Jenny, with Bulldog

PDF

Jenny, with Bulldog

I

n the end, Jenny Cantwell was left alone with a dog. He was a white bulldog, and a dwarf, the product of severe in-breeding.

She’d felt lonely one Sunday after dinner in Chase with her sons

Cooper and Hawthorne, and on the way home she’d seen a sign on the highway that said BULLDOGS FIVE MILES. At the five-mile mark, she saw a sign taped below a mailbox at the head of a long dirt driveway: BULLDOGS FOR CHEAP HERE.

She’d driven down the lane to a farmhouse, the yard littered with machinery she didn’t recognize, and she’d been a farmer’s wife for years. When she got out of the car she heard them snuffling and growling in a pen beside the kitchen door. A young woman who’d had the pretty beaten out of her by life had come out of the kitchen and shown her the dogs. Jenny picked the smallest one, thinking it a puppy. She paid fifty dollars. The lonely feeling passed almost as soon as she’d gotten back to her new duplex in

Centerville, and she never bothered naming the dog.

She could never get him clean. Some lingering infection the vet couldn’t cure prompted him to rub his rump feverishly on her new white walls, leaving distasteful discolorations low down on the wainscoting. Sometimes he would have seizures. He would be happy and panting and rubbing up against her walls and then something would click off in his head and he would freeze and stare at some fixed point in space with his head weaving slightly.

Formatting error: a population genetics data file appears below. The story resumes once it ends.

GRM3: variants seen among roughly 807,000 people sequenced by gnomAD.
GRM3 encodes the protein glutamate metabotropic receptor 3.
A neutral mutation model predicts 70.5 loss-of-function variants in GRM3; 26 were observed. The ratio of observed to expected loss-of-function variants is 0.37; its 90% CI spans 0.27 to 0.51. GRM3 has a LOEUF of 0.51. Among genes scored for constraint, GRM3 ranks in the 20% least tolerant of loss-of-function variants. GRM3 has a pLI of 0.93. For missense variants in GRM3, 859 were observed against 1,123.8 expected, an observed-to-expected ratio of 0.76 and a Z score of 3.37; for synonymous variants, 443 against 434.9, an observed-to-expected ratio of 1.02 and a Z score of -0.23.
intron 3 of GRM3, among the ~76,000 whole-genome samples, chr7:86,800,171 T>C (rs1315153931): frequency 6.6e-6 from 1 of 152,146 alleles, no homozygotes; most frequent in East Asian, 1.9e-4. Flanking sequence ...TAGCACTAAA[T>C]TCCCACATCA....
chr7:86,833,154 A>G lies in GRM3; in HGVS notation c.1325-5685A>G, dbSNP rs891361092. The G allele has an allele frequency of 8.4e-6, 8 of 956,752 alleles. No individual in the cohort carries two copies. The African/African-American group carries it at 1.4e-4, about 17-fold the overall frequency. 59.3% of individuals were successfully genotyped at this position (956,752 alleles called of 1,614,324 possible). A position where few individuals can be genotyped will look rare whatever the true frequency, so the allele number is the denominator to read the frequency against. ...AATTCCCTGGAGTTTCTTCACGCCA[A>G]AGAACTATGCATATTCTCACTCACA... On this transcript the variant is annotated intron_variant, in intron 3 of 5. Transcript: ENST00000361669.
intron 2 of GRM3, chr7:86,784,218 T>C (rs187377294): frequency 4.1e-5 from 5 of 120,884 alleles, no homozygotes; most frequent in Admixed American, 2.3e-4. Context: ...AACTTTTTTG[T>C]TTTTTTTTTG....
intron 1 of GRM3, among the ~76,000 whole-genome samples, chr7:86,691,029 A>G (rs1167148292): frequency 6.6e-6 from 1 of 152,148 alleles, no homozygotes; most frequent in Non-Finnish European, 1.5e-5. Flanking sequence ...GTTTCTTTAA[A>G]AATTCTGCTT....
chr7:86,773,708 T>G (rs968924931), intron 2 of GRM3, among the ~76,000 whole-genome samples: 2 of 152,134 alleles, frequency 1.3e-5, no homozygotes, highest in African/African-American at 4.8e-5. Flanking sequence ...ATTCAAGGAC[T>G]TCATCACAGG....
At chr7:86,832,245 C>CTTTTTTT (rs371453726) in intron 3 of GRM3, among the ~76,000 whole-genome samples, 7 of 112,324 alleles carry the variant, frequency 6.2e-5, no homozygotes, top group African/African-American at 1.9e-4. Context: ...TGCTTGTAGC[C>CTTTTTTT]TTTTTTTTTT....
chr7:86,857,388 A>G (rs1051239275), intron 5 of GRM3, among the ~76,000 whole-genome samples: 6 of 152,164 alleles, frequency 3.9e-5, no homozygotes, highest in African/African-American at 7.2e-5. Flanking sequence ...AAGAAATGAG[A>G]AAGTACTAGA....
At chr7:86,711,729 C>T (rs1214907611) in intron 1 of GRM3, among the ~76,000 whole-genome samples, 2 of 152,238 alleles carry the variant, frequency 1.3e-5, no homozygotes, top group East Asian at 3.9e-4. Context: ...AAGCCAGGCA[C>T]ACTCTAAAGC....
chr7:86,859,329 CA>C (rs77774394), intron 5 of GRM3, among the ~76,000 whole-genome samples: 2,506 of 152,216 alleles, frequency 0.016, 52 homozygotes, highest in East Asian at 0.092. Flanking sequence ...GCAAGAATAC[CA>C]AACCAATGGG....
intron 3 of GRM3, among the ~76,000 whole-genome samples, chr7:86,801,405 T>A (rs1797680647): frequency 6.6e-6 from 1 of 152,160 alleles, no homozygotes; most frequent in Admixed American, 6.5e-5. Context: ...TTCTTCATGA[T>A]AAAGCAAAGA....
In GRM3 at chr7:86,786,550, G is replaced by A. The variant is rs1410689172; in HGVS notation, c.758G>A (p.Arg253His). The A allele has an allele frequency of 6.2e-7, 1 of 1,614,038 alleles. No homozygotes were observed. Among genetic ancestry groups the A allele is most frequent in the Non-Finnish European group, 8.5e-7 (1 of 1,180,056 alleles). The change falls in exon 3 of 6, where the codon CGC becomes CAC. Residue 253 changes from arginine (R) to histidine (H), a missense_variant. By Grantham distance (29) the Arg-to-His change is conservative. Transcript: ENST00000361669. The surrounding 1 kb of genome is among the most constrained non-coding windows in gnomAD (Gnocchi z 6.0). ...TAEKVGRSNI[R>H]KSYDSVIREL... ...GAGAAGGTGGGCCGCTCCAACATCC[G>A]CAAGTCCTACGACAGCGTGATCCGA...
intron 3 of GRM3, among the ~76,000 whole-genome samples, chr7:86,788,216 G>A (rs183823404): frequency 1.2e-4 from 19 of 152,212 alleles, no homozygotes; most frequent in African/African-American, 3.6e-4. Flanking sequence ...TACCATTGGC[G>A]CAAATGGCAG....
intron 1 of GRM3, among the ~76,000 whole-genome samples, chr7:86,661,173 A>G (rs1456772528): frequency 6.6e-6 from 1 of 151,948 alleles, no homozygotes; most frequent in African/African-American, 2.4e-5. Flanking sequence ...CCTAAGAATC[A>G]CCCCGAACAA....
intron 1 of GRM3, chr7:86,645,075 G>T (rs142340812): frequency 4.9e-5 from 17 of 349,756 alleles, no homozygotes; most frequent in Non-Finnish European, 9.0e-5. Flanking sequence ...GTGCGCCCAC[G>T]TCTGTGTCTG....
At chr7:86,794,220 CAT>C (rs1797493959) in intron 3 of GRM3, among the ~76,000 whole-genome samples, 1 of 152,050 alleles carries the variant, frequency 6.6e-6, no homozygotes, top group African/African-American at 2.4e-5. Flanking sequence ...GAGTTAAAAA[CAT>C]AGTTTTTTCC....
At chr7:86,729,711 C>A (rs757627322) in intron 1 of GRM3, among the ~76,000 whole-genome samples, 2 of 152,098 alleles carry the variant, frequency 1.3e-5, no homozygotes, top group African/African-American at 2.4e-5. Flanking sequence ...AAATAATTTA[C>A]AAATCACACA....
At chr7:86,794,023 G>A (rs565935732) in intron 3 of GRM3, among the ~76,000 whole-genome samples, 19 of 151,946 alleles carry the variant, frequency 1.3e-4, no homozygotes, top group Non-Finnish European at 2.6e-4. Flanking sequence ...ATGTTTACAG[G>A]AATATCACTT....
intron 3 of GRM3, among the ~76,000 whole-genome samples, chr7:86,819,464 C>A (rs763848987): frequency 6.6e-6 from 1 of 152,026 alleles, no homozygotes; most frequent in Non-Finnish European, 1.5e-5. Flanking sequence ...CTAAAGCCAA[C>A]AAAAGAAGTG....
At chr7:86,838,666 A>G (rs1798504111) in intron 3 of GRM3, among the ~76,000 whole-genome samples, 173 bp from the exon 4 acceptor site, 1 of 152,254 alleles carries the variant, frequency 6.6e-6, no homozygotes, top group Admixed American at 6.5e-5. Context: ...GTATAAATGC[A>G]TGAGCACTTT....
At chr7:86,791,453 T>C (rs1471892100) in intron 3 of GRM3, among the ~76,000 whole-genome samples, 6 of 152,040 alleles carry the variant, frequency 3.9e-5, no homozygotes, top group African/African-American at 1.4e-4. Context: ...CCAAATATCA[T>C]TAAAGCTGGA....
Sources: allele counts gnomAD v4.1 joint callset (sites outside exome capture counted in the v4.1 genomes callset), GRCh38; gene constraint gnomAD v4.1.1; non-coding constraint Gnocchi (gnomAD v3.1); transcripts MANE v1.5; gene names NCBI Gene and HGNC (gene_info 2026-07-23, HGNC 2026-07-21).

Chapter Five

PDF

Chapter Five

H

e walks beside the canal with his wife. Their baby girl is in a backpack on his back, facing forward. Every now and then she pats his head. He checks her with a compact mirror. His wife holds the dog on the leash. It is a Sunday afternoon. He is tired from too much coffee and too many papers to grade. They pass couples, young and old, and families. He practices making eye contact, smiling at everyone. They pass a fisherman who smiles at the baby. The baby smiles at everyone, delighted with every part of the world. The dog strains at the leash, snuffling. The baby has learned to wave; she waves at everyone. The day has been gray, overcast, windy. It is October. They come to a spot where the canal crosses a stream, the canal supported in a wide, trough-like aqueduct. Water over water. The baby pats his head. They stand and watch the slow canal water move over the swift stream. The dog sits, and scratches. The sun comes out. They turn back. They pass a man with long dark hair and a long soft beard carrying a brown paper lunch bag much crumpled. He doesn’t want to be unfriendly, and smiles at the man, who smiles back. Then he sees on the man’s forehead a red-raw and ragged swastika is carved.